By SAY staff Jacinda Abcarian
It’s not every day that you walk into a convention center and see former gang members greeting police officers with hugs, and teens on probation networking with prosecutors. Welcome to the Community Mentor Summit, where people from all walks of life come together to show their commitment to a new way of tackling juvenile delinquency in San Diego, California.
This annual 2-day event took place October 16 – 17, 2019, and highlighted the legitimacy of the “credible messenger” model which San Diego has recently adopted as a best practice for working with youth who have come to the attention of law enforcement. This model allows those with real life experience in the criminal justice system to serve as inspirational mentors to youth on probation.
SAY San Diego, through a grant from the County of San Diego’s Probation Department, is currently working with credible messengers including Arthur Soriano of Youth Empowerment and Reginald Washington of Project AWARE to bring hope, life skills, and emotional literacy to San Diego youth who are system-involved. Soriano and Washington were featured speakers at the Community Mentor Summit.
A heartfelt Soriano looked into the audience and stated, “I’m here to support the community that I once destroyed.” Raised in City Heights, Soriano fell into the pitfalls of drugs, gangs, juvenile hall, and ultimately 23 years in prison. Since his release just 6 years ago, Soriano has made impressive strides in improving relations between his community and the various systems he was in. He is now recognized by law enforcement, probation, juvenile judges, principals, and non-profit organizations as an advocate for community change and example of life transformation.
Reginald Washington of Project AWARE also spoke to the power of lived experience when mentoring youth who have been in and out of juvenile hall. “What’s incredible is the fact that these mentors have been able to overcome hard times and are still be able to speak and reach these individuals in the streets. It does mean something when you have been there, and you can actually speak about it.” As a young man, Washington was involved in gangs without any awareness of alternative ways to deal with his anger. One night he got in an altercation and shot someone. This resulted in a 15-year prison sentence that would forever change his life. Washington is now a leader in the credible messenger movement and recognized by the San Diego County Sheriff’s Department and Probation Department for his contributions with their Youth Academy and promoting public safety.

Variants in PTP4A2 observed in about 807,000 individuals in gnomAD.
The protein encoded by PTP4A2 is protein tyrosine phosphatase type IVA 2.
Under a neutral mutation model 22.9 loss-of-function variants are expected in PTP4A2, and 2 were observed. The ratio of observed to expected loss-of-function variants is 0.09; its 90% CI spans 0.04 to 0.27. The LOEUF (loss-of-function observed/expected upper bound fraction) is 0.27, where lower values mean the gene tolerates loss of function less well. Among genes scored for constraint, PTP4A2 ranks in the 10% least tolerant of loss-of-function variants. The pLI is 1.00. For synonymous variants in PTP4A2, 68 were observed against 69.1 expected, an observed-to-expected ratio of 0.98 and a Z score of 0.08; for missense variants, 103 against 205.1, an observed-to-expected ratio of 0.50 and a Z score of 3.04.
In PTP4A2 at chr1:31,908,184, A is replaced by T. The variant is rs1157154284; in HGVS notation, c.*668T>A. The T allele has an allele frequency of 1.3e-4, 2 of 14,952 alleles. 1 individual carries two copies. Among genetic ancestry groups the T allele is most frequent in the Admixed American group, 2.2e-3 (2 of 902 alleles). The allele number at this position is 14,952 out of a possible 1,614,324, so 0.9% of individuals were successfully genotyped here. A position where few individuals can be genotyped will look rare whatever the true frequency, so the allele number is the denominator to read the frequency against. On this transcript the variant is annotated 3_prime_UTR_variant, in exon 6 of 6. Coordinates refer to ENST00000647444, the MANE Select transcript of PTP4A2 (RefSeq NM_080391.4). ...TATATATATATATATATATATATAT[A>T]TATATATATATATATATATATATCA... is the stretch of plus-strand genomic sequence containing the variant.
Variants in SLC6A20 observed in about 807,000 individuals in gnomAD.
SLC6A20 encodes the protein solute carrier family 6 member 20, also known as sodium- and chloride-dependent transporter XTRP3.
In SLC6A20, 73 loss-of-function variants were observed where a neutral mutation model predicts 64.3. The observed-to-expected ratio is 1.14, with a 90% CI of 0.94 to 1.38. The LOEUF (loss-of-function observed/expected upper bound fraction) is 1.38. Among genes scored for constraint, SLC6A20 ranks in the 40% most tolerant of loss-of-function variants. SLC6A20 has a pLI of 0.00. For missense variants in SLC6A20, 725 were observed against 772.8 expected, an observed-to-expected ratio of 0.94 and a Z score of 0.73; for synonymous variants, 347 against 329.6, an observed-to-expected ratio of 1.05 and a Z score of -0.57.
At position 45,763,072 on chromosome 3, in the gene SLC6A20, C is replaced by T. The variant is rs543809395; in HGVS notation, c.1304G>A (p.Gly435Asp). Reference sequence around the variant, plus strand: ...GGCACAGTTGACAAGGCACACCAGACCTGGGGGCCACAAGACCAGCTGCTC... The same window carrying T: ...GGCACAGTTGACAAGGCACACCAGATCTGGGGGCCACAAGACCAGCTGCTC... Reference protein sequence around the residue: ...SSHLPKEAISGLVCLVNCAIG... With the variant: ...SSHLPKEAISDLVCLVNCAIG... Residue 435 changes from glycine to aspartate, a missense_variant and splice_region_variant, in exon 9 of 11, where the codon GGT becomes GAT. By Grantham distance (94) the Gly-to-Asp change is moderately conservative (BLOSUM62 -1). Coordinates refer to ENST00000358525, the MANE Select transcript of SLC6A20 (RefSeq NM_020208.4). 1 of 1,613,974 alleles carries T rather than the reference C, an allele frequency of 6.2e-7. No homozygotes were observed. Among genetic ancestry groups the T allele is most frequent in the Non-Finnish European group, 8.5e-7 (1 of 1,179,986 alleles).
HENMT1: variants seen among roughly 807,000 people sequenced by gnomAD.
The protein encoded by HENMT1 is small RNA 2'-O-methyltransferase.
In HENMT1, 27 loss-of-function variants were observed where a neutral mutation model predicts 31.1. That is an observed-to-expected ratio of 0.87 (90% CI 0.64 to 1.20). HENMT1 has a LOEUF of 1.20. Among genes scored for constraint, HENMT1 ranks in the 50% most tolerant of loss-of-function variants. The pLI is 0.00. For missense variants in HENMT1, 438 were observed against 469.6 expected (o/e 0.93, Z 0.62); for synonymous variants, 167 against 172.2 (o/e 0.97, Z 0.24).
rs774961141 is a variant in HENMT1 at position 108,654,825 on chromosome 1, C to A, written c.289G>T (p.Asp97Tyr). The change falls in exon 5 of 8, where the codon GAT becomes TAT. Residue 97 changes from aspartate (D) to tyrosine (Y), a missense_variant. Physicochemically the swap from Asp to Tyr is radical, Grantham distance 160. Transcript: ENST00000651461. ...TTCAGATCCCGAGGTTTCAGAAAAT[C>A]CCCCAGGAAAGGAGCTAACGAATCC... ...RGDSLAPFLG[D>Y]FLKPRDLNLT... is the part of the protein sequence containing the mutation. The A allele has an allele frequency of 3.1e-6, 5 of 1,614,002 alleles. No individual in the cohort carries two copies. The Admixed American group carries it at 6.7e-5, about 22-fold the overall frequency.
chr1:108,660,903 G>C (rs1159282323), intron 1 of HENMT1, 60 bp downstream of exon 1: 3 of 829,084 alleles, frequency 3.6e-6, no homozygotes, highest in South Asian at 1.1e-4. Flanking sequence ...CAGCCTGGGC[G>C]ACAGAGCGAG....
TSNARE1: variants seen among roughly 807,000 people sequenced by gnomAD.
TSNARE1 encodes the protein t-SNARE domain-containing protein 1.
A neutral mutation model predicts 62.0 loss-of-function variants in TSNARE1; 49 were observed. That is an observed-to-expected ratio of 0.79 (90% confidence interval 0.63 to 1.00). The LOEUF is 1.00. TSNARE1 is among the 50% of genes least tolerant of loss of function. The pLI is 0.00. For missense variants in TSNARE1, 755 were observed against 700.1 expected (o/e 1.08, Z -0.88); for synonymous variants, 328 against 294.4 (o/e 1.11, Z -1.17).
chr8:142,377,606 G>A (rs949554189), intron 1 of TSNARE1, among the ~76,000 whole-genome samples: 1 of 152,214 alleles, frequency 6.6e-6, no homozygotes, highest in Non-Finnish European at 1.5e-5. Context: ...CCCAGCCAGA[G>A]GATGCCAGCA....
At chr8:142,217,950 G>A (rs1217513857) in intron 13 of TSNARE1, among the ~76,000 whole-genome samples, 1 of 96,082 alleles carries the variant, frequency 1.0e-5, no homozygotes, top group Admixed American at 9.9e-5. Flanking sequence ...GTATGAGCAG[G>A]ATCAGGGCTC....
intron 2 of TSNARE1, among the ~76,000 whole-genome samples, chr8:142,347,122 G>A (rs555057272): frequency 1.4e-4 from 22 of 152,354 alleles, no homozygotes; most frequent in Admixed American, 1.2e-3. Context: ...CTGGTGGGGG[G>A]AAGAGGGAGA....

According to Washington, youth need to see that success is not all about money and street cred – it is about changing your life and having peace of mind. And who better to deliver that message than someone who has been there? Washington said, “I like to show the youth, ‘this is what it looks like when you are successful. You could be at your lowest point in life, you could be entrenched in gangs, but this is what it looks like when you are really successful.’”
To the mixed audience of teens, social service providers, and youth advocates, San Diego’s elected officials also addressed the trailblazing work happening in in the county. County Supervisor Kristin Gaspar stated: “After decades of punishment and incarceration, our probation department took a long hard look at what it takes to keep kids out of juvenile hall and safely in their communities. This new community-based approach has developed through strong partnerships with our District Attorney Summer Stephan, our Probation Department Chief Gonzales, our Public Defender Randy Mise, our juvenile courts, various law enforcement agencies, and our community partners.”